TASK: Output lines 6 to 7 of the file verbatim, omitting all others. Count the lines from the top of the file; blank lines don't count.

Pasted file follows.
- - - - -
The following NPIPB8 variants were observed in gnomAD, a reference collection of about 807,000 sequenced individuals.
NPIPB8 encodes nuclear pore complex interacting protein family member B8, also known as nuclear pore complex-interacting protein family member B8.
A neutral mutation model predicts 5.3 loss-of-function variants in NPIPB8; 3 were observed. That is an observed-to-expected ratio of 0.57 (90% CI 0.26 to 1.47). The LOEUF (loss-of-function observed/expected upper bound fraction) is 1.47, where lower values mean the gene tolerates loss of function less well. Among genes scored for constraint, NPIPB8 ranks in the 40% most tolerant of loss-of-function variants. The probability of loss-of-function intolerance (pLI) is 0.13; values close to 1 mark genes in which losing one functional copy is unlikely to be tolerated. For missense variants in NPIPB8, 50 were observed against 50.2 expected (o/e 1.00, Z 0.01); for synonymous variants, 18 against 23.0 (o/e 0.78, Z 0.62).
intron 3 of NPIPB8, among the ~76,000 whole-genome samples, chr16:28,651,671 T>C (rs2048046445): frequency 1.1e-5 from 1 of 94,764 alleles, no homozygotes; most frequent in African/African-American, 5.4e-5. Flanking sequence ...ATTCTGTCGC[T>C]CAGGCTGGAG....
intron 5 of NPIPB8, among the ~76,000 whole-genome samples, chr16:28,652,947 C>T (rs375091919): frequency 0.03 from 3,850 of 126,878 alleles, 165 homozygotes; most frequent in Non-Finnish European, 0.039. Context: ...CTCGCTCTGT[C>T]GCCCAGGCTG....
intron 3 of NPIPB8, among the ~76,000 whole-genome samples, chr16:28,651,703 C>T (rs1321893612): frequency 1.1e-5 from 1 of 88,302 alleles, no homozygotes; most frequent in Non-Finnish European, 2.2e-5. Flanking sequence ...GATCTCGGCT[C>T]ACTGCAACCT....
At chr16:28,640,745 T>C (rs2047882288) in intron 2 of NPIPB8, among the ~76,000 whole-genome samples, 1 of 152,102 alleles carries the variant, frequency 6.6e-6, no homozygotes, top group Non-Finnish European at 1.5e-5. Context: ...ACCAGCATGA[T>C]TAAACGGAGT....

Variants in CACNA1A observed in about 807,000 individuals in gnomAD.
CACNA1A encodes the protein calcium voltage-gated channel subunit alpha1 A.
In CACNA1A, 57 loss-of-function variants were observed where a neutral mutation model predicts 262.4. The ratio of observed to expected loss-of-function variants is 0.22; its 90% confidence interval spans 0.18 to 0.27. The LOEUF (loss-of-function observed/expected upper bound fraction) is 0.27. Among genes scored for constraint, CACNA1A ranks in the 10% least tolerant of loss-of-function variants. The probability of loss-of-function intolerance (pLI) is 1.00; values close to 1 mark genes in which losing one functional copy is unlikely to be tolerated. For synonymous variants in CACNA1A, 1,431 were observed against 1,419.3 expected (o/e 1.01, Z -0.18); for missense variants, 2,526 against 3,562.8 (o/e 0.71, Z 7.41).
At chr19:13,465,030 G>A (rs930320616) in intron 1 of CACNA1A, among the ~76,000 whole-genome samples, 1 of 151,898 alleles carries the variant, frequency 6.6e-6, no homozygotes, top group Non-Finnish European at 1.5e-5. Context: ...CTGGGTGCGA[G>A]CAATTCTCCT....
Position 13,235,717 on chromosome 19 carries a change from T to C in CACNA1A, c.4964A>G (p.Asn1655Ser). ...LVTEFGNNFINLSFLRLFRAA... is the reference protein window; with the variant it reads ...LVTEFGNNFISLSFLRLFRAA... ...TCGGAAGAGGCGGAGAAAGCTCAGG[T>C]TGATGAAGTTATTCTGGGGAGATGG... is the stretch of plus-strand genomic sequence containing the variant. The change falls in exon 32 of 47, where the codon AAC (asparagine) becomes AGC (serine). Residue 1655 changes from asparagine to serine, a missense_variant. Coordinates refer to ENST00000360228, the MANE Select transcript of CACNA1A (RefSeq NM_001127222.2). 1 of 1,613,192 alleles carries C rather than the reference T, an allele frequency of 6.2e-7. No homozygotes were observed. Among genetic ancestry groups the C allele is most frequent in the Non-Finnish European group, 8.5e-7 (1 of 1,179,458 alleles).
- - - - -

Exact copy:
intron 3 of NPIPB8, among the ~76,000 whole-genome samples, chr16:28,651,703 C>T (rs1321893612): frequency 1.1e-5 from 1 of 88,302 alleles, no homozygotes; most frequent in Non-Finnish European, 2.2e-5. Flanking sequence ...GATCTCGGCT[C>T]ACTGCAACCT....
At chr16:28,640,745 T>C (rs2047882288) in intron 2 of NPIPB8, among the ~76,000 whole-genome samples, 1 of 152,102 alleles carries the variant, frequency 6.6e-6, no homozygotes, top group Non-Finnish European at 1.5e-5. Context: ...ACCAGCATGA[T>C]TAAACGGAGT....